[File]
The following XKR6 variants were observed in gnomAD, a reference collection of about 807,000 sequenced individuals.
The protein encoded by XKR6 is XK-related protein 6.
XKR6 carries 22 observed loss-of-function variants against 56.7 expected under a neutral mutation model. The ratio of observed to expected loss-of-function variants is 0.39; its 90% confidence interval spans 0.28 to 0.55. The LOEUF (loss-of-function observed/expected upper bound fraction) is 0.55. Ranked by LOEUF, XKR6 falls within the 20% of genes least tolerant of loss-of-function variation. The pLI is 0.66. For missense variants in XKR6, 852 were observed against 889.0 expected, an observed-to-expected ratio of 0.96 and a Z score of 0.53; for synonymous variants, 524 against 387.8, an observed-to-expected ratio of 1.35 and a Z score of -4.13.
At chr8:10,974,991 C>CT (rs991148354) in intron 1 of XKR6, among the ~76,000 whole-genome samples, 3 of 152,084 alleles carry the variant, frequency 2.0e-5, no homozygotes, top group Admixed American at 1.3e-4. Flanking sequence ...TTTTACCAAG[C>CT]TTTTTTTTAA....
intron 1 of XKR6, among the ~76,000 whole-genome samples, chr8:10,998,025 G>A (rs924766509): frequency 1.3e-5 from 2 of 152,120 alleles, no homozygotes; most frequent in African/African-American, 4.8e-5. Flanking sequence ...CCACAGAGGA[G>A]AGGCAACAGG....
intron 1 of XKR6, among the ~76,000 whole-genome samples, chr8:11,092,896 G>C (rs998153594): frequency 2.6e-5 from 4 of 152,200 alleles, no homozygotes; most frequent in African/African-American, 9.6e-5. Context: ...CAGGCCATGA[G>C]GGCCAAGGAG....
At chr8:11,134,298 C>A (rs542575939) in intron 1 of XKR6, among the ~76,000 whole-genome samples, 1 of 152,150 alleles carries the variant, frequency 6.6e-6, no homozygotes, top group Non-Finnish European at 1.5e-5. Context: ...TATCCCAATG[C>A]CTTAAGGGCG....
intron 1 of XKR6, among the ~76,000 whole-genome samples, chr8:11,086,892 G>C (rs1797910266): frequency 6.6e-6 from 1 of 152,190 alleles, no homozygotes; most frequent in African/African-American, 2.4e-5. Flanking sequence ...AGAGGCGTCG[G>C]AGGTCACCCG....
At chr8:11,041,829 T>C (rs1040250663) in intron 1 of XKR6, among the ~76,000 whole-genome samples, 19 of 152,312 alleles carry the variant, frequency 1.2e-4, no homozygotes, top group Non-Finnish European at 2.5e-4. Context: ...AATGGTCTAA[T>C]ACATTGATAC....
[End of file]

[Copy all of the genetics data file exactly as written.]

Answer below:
The following XKR6 variants were observed in gnomAD, a reference collection of about 807,000 sequenced individuals.
The protein encoded by XKR6 is XK-related protein 6.
XKR6 carries 22 observed loss-of-function variants against 56.7 expected under a neutral mutation model. The ratio of observed to expected loss-of-function variants is 0.39; its 90% confidence interval spans 0.28 to 0.55. The LOEUF (loss-of-function observed/expected upper bound fraction) is 0.55. Ranked by LOEUF, XKR6 falls within the 20% of genes least tolerant of loss-of-function variation. The pLI is 0.66. For missense variants in XKR6, 852 were observed against 889.0 expected, an observed-to-expected ratio of 0.96 and a Z score of 0.53; for synonymous variants, 524 against 387.8, an observed-to-expected ratio of 1.35 and a Z score of -4.13.
At chr8:10,974,991 C>CT (rs991148354) in intron 1 of XKR6, among the ~76,000 whole-genome samples, 3 of 152,084 alleles carry the variant, frequency 2.0e-5, no homozygotes, top group Admixed American at 1.3e-4. Flanking sequence ...TTTTACCAAG[C>CT]TTTTTTTTAA....
intron 1 of XKR6, among the ~76,000 whole-genome samples, chr8:10,998,025 G>A (rs924766509): frequency 1.3e-5 from 2 of 152,120 alleles, no homozygotes; most frequent in African/African-American, 4.8e-5. Flanking sequence ...CCACAGAGGA[G>A]AGGCAACAGG....
intron 1 of XKR6, among the ~76,000 whole-genome samples, chr8:11,092,896 G>C (rs998153594): frequency 2.6e-5 from 4 of 152,200 alleles, no homozygotes; most frequent in African/African-American, 9.6e-5. Context: ...CAGGCCATGA[G>C]GGCCAAGGAG....
At chr8:11,134,298 C>A (rs542575939) in intron 1 of XKR6, among the ~76,000 whole-genome samples, 1 of 152,150 alleles carries the variant, frequency 6.6e-6, no homozygotes, top group Non-Finnish European at 1.5e-5. Context: ...TATCCCAATG[C>A]CTTAAGGGCG....
intron 1 of XKR6, among the ~76,000 whole-genome samples, chr8:11,086,892 G>C (rs1797910266): frequency 6.6e-6 from 1 of 152,190 alleles, no homozygotes; most frequent in African/African-American, 2.4e-5. Flanking sequence ...AGAGGCGTCG[G>C]AGGTCACCCG....
At chr8:11,041,829 T>C (rs1040250663) in intron 1 of XKR6, among the ~76,000 whole-genome samples, 19 of 152,312 alleles carry the variant, frequency 1.2e-4, no homozygotes, top group Non-Finnish European at 2.5e-4. Context: ...AATGGTCTAA[T>C]ACATTGATAC....